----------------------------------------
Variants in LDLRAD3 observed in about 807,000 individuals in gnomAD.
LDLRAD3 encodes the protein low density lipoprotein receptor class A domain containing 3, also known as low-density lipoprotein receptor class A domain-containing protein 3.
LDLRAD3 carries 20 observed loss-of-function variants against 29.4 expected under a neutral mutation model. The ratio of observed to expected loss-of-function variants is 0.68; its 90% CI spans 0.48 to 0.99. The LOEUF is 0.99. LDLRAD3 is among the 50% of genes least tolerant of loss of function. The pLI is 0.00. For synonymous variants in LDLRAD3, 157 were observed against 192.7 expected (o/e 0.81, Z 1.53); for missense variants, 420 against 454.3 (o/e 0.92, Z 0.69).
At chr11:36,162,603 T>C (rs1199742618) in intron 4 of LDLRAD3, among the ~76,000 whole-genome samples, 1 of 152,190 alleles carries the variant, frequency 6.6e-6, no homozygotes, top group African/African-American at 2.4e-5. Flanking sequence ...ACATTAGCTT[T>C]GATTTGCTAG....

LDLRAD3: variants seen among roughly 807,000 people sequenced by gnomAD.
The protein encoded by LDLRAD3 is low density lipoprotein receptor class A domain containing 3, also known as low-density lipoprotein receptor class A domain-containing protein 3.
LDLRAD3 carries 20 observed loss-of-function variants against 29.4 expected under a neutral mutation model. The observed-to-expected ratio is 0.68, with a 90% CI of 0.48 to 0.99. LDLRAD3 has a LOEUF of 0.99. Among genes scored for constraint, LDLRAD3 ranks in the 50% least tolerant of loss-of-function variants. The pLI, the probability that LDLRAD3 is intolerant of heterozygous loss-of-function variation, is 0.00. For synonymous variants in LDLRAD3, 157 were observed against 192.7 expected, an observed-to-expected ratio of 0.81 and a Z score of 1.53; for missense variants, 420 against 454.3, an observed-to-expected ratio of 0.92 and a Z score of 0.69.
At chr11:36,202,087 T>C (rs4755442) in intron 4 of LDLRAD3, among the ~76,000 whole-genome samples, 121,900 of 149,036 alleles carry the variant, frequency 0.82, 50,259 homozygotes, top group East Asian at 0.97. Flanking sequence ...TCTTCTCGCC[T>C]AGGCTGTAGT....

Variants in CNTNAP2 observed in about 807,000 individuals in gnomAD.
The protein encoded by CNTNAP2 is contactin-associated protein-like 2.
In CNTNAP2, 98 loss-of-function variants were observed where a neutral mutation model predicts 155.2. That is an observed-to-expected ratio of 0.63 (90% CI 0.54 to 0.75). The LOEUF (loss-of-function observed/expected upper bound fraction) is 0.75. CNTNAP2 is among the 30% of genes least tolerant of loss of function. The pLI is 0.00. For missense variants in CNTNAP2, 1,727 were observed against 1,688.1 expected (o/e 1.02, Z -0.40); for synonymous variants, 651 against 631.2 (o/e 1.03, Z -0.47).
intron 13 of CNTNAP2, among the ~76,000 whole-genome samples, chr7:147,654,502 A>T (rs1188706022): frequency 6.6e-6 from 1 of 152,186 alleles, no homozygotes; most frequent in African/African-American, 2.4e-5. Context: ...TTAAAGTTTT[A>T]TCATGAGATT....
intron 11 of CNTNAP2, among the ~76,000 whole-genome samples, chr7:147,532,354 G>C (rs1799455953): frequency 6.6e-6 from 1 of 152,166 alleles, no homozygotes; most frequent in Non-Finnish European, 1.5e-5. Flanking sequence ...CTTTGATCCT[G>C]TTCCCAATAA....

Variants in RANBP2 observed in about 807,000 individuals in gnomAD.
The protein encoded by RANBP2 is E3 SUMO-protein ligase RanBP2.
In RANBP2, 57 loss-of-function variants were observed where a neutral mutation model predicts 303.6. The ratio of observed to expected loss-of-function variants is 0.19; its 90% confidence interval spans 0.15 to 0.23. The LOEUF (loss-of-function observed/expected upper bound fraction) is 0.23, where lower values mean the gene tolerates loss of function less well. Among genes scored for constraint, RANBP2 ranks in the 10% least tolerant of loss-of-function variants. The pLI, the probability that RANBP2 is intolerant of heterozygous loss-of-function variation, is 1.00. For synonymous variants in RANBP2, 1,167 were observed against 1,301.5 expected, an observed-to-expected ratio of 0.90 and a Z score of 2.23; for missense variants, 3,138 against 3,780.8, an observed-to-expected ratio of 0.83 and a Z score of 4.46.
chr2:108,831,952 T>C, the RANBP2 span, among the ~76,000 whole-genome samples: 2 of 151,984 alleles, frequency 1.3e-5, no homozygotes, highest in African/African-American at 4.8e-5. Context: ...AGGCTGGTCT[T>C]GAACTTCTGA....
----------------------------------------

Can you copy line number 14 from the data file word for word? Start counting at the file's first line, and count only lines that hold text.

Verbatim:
Variants in RANBP2 observed in about 807,000 individuals in gnomAD.